Another anecdote was his visit to the University of Ferrara, where former rider turned TV commentator Davide Cassani goes once a month to give a lecture to students studying sports medicine, bringing along a champion sportsman as a special guest. One time, Cassani came with Basso, who brought along his SRM readings and showed the class his entire training sessions. Francesco Conconi, a professor and director at the university, also happened to be around, saying that Basso's engine was one of the best he'd seen.

But that's when Basso remembered something he'd recently read in a newspaper, which said he was still working with one Luigi Cecchini, a publicity-shy preparatore who has quietly worked with some of the biggest names in cycling, including Michele Bartoli, Alessandro Petacchi, Jan Ullrich and Damiano Cunego. His name was also involved in the doping case surrounding another Italian doctor, Michele Ferrari, but was dropped in 2001 due to a lack of evidence.

Cecchini was also Bjarne Riis' preparatore for a number of years, which saw the tall Dane triumph in the 1996 Tour de France. When Riis set up Team CSC, he hired the now 62 year-old Italian to help formulate individual training programs for his riders and assist with training methods, but as the relationship between Basso and Riis developed, the former's contact with Cecchini became less frequent. Around July last year, Basso terminated his cooperation with him.

"Before you write that, come and ask me, because I don't work with Cecchini," he said tersely. "I work with Bjarne Riis and my preparatore is Riis. If journalists come and see us training, they will see the way we work and our philosophy, and you will see how we are working.

"I don't like to read statements [about myself] that aren't true - ask before you write."

Just how far in front was Ullrich?

By Anthony Tan in Sestri Levante

Following the conclusion of yesterday's time trial in Pontedera, Giro organisers RCS Sport published some interesting figures on just how far in front stage winner Jan Ullrich was from the rest. We know his 58 minutes and 48 seconds equated to an average speed of 51.02 kilometres an hour, but relatively speaking, how far behind were his rivals?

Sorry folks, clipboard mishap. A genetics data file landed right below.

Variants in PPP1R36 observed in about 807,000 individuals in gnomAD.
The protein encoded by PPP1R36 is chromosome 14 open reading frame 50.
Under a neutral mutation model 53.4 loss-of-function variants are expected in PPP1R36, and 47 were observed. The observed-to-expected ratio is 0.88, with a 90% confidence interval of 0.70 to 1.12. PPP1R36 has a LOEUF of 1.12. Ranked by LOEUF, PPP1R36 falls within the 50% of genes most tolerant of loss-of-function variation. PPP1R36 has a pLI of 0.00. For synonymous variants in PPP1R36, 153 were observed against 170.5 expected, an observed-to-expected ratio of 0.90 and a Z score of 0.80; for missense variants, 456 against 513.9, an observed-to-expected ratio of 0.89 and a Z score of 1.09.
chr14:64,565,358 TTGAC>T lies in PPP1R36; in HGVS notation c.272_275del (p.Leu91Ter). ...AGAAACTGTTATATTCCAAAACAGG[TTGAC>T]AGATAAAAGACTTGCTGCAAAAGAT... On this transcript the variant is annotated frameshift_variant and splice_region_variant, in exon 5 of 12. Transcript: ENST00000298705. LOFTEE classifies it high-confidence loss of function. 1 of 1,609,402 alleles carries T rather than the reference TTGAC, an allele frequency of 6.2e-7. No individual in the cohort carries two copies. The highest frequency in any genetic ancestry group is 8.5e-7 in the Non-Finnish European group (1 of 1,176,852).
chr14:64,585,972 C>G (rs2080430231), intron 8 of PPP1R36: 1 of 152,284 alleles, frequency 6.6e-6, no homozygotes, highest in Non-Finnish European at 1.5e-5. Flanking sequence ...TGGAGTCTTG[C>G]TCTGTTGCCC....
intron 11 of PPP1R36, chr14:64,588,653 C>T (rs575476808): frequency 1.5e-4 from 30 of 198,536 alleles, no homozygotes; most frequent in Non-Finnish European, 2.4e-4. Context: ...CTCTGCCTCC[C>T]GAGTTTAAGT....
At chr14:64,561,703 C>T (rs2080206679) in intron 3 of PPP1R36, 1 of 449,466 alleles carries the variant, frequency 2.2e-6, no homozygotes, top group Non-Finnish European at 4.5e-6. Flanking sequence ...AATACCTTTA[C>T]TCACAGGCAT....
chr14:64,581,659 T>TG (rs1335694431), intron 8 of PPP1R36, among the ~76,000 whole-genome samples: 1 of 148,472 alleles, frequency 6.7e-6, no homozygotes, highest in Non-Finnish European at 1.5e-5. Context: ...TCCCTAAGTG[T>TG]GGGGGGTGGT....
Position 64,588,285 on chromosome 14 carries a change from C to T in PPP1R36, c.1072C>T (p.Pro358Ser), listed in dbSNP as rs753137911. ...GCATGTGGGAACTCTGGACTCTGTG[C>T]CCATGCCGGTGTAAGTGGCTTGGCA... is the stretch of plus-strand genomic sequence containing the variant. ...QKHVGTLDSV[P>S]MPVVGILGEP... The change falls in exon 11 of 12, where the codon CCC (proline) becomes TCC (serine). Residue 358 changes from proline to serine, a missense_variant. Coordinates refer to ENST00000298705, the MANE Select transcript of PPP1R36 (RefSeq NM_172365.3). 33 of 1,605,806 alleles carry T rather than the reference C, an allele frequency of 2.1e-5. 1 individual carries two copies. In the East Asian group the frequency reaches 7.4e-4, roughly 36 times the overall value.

Position               Metres behind
1 Ullrich                          0
2 Basso                      396.822
3 Pinotti                    864.506
4 Gonchar                    977.883
5 Savoldelli               1,119.606
11 Danielson               2,169.694
14 Bruseghin               2,508.483
17 Gutierrez Catalunya     2,579.344
21 Rogers                  2,834.444
26 Garate                  3,287.956
30 Rujano G.               3,613.917
33 Simoni                  3,698.950
48 Pellizotti              4,251.667
55 Di Luca                 4,435.906
60 Bettini                 4,520.939
71 Cunego                  4,733.522
84 Sella                   5,712.861       

If this is all a little too confusing, you can always look at our results and report!

Erviti ready to suffer

Caisse d’Epargne-Illes Balears rider Imanol Erviti is currently riding the Giro, his first grand tour, which is a dream come true according to the 22-year-old Spaniard. He lies in 127th place overall, almost one hour behind leader Ivan Basso, but isn't worried about his ranking on GC, instead he's just happy to be riding one of the world's biggest races, something he aims to learn from.

"I always watched those races [such as the Giro] on TV with the secret hope that, one day, I would take part in one of them myself," said Erviti. "It's a fact that the first time you start in such a race you are there to learn, but what I've felt since the very first stage is something very beautiful! I am carrying out the dream of a child who was found of cycling!" he added.

Ermiti said his goals for the Giro are to do his share of work for the team and learn as much as he can. "Because I am a rookie in this kind of race the first thing I want is my team directors and my team-mates to be happy with my job," he said. "After that what I most desire is to learn and learn again - as many things I can! I also need to accumulate experience for the future because I will need that if someday I want to be with the leaders."